The Internet site where Steve found his perfume recipe purported the fragrance would evoke the essence of Chanel. Steve’s stovetop production smelled more like a meth lab. The odor was so pungent, he closed all the windows of his house for fear of raising suspicion. It was at this moment, Steve received a knock on the door from Sandra Lock, the superintendent of schools.
    Superintendent Lock’s wide smile turned slightly towards concern as she gazed upon Mr. Forester’s attire. Due to the caustic, splattering nature of his aroma alchemy, he was wearing a protective shower cap, safety glasses, chemist’s gloves, waist-high waders, and a plastic apron. As Steve removed his glasses and opened the screen door, Sandra Lock turned her head to the side to temper the pungent wall of fumes.
    “Well, hello Steven. I hope I didn’t interrupt you.” Mrs. Lock inhaled with a slight gasp. Her thoughts raced back to the drug-awareness seminar she had just attended.
    After some awkward small talk, Mrs. Lock diplomatically introduced the purpose of her house call: “Steve, there’s no easy way to say this. So I’m asking that you just hear me out before you respond.” She paused and entered into more rehearsed remarks. “A few weeks back, your daughter Cynthia started crying in class. She told her teacher how you guys were making each other presents because you couldn’t afford to buy gifts. When we heard the news, we just felt we needed to do something. So a bunch of us got together and bought you and your family some Christmas gifts.” Mrs. Lock turned and pointed to a large bag of presents sitting directly behind her.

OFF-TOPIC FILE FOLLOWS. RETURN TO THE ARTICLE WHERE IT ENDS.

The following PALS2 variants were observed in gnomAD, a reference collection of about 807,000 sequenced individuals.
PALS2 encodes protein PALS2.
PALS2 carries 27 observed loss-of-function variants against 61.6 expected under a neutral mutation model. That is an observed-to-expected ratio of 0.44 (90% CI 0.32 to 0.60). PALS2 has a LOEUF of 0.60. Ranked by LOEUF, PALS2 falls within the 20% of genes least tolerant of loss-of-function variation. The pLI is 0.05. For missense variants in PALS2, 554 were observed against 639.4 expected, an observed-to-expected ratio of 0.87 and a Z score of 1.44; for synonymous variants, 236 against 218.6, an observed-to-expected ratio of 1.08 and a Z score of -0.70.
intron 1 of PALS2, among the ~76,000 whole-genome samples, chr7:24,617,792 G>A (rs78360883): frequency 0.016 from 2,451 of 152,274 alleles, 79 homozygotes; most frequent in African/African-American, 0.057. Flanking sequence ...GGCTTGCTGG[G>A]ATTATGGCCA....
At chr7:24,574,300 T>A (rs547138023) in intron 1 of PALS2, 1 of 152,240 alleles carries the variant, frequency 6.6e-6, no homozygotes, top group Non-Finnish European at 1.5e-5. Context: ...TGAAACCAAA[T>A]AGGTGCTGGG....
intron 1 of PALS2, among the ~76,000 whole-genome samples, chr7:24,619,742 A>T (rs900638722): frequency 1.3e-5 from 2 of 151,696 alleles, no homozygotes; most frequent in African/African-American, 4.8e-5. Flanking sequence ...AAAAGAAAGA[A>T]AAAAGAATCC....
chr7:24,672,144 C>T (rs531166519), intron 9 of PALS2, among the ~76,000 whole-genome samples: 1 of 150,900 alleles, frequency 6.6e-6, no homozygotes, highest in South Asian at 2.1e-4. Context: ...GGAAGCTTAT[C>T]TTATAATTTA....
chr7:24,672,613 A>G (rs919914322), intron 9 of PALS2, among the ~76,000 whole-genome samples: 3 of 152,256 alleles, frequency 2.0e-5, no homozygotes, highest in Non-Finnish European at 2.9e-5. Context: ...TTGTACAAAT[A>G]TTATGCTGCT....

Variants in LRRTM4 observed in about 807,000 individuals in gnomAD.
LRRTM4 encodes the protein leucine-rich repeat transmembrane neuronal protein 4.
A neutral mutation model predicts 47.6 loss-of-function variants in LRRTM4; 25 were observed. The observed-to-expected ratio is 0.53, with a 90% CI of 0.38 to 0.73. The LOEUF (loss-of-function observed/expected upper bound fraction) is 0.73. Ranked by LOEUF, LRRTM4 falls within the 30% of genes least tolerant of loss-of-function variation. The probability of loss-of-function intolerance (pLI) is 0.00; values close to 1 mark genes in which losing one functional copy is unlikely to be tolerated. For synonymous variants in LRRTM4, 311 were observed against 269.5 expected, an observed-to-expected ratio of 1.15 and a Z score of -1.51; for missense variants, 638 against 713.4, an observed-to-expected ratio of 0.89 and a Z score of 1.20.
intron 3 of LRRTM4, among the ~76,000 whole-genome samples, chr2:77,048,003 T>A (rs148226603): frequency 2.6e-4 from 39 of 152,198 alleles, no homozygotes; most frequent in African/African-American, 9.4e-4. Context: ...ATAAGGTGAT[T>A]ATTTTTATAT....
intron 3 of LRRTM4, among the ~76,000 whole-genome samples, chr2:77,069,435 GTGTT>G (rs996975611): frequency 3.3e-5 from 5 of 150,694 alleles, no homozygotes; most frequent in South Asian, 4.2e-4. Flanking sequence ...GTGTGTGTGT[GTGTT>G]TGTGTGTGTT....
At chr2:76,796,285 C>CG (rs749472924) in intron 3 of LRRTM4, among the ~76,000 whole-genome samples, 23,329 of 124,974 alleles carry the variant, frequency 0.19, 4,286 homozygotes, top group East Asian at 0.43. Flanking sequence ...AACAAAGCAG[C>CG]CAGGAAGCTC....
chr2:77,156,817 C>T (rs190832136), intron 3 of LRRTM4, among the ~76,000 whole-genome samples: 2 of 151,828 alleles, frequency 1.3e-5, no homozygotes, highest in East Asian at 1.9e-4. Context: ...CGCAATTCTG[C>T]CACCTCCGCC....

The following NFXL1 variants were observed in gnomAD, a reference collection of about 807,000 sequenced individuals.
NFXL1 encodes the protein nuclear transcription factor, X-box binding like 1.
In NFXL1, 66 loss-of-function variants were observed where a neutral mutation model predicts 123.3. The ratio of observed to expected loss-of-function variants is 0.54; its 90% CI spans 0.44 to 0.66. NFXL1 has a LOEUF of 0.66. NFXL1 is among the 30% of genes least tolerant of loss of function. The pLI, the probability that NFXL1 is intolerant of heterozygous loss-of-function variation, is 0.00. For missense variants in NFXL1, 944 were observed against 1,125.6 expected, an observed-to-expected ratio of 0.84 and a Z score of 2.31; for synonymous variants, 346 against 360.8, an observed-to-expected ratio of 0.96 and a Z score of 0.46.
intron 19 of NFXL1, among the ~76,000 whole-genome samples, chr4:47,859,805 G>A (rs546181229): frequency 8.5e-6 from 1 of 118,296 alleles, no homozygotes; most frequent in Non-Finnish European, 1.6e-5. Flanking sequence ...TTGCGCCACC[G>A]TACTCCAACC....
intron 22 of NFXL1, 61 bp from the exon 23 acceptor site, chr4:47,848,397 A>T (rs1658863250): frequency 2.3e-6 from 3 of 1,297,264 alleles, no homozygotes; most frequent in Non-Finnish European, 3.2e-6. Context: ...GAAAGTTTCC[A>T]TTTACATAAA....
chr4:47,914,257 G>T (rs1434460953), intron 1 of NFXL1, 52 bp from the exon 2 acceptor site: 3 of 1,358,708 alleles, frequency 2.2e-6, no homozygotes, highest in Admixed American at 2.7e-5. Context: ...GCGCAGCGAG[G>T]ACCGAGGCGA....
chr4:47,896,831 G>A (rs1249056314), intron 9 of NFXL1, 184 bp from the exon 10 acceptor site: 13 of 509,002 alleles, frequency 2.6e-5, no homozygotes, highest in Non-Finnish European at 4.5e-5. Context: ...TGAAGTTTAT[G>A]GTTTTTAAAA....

“You did what?” Then, Steve’s confusion left him at a loss for words.
    Superintendent Lock quickly closed the conversation and headed for the car. She had mistaken Mr. Forester’s reaction for an expression of speechless gratitude.
    When the dust settled, Steve Forester and the entire Forester family found themselves confronting an issue that went far beyond the Forester homestead. After a fair amount of gentle interrogation, Steve discovered that 6-year-old Cynthia had managed to contact at least 20 charitable groups and agencies — and had entered countless holiday-wish contests. As Cynthia was finishing her confession, the local Christian radio station called.
    “Is this Mr. Forester?”



    FOR HANUKKAH (AND CHRISTMAS): Meet Rabbi Schulweis in a Conversation about his provocative and hopeful new book on “Conscience.” Or, enjoy the remarkable history of “The Bagel.”
    GIFTS? Check out our list for the “young in heart and spirit.”
    ANOTHER KIND OF CHRISTMAS STORY: The Spiritual Wanderer’s Christmas tale.
    SHARE STORIES OF GENEROSITY: Dr. Wayne Baker invites readers to “pay it forward — and backward” this week by sharing heart-warming stories at www.OurValues.org

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    (Originally published at https://readthespirit.com/)